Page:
Monday, December 19, 2011

How the Gospel Brings Us All the Way Home review


Title:  How the Gospel Brings Us All the Way Home
Author:  Derek W. H. Thomas


                At first glance, one might question why another book on the Gospel needs written.  Perhaps the question should be “What Gospel?”  In our society, many purpose to have the Truth or the Good News.  For those who think there are many “gospels,” they will find it difficult to read this book.  For those who genuinely want to know The Gospel, they might see this book as answer to that pervading quest.
                I wasn’t sure what to expect when I began reviewing this book.  All too often, the more one reads, the more one learns, and it isn’t always good, useful, or most importantly, Biblical. I was concerned the author would put forth a set of steps to follow and then end with a short prayer.  Perhaps others might expect something encouraging but not too heavy, or a view that does not take a stand because it might be divisive.  However, this is one book that focuses on what Paul wrote in Romans chapter 8.  I cannot commend Derek Thomas enough for taking the time to expound the Gospel as presented in this chapter.
                There are no excuses or watered-down truths.   Paul clearly states what we must accept.  Though written by a human author, ultimately, all must know that God inspired Paul to write this chapter as with all the chapters in the Bible.  Thomas doesn’t write in a way that makes it dry reading or sound like a purely academic exercise.  Throughout the book there are examples of how this particular portion of Scripture is understood by examples of life, people, and times.  One example is of Justin who authored the Vulgate.  Another example is taken from a real life accident as witnessed by many who were there and saw it as it happened.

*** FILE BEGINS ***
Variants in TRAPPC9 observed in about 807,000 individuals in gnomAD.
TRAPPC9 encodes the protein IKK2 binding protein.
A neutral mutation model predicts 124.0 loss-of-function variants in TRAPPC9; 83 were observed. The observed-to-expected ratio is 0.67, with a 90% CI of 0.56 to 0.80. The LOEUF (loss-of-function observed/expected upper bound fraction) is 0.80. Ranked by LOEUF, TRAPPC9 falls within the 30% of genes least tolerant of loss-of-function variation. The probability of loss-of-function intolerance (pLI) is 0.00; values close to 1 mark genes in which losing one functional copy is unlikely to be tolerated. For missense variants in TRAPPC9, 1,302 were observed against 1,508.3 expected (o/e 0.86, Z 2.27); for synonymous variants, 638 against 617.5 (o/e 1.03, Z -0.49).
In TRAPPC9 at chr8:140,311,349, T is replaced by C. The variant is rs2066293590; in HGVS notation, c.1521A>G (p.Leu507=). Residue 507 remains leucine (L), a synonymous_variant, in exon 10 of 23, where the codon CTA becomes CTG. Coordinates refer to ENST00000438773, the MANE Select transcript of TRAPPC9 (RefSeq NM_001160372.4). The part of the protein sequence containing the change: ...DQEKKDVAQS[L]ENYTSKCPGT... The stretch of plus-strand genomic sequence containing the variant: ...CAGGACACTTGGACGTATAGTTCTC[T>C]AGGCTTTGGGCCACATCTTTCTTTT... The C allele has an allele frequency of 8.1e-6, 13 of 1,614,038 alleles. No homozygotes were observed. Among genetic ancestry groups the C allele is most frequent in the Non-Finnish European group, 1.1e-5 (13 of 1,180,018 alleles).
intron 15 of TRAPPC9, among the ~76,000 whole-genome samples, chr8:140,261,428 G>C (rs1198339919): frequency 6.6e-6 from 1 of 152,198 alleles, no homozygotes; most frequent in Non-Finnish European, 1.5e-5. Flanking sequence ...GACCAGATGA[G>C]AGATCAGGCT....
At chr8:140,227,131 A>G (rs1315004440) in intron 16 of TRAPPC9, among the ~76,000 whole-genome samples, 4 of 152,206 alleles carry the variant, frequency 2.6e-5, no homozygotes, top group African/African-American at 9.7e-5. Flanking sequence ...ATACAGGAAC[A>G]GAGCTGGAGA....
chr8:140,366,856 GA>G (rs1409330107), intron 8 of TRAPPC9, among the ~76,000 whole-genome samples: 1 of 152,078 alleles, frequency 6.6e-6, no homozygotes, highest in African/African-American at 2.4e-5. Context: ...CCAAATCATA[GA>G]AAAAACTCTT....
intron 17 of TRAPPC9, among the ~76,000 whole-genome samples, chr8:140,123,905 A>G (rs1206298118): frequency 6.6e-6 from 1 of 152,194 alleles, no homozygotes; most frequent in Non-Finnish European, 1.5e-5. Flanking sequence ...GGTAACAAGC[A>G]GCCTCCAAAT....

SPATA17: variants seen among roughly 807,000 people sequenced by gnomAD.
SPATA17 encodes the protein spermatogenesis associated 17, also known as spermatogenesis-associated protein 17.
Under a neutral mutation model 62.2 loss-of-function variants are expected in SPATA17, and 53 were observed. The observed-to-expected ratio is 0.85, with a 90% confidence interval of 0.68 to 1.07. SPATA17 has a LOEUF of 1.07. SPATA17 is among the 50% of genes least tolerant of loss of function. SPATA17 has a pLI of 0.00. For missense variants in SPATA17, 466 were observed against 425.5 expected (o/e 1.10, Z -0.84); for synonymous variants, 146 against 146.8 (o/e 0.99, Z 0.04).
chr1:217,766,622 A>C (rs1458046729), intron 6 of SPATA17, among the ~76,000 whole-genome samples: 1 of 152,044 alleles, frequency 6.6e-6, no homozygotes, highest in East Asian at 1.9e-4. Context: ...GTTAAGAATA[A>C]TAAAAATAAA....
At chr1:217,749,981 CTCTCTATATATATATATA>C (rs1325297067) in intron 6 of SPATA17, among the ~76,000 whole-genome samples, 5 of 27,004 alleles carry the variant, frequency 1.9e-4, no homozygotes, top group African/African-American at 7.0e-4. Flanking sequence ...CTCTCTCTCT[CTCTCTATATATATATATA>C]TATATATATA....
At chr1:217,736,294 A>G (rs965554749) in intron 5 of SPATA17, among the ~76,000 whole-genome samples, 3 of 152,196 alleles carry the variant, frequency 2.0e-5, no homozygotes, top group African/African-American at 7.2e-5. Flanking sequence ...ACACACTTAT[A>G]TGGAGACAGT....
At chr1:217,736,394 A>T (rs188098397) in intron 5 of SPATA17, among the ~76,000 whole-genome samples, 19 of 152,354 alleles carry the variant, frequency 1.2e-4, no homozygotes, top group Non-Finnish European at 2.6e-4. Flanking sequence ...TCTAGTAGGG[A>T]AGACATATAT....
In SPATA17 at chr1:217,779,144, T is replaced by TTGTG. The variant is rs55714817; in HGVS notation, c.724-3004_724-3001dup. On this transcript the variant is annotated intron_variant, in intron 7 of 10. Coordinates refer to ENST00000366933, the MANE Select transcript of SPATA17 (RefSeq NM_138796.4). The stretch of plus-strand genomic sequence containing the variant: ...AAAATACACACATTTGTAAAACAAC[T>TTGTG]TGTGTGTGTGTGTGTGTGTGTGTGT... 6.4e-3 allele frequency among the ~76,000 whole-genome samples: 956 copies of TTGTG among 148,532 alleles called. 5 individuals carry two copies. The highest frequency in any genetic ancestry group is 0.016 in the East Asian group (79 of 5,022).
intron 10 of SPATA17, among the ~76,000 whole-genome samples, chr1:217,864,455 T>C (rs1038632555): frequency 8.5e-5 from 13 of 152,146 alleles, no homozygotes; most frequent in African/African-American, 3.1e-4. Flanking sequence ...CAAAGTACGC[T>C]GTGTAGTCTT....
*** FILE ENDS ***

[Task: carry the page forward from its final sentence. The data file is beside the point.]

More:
On page 11 of this book Thomas states: “Our greatest sins occur in church.”  Perhaps we need to really rethink this.  Why?  First, mankind assigns sins according to levels; God doesn’t.  Sin is sin.  Second, we are the Church, so sin is present in church no matter what we are saying or doing at any given moment.  Our need for God to be our salvation is quite evident.  We can’t go one second without finding ourselves thinking a wrong thought, saying the wrong thing, or doing the wrong thing.  The moment we fail to be “perfect” in thought or deed, we are a washed in shame.  Our shame always reminds us that we are sinners.  Sinners who believe are in Christ, and sinners who reject Him aren’t in Christ.  To post a “rethink” on an author’s premise may seem trivial to most, but if one follows the line of thinking, we can see how no thought is not connected to another somewhere down the line.
                Well, that is just the beginning, why not read the book and share your thoughts and comments?  The book takes the whole chapter of Romans 8 and breaks it down into bite-sized pieces.  It brings understanding to readers through real-life stories, examples, and other portions of Scripture. 
Notation:  I have received a copy of this book as compensation for my review from Reformation Trust, an imprint of Ligonier Ministries.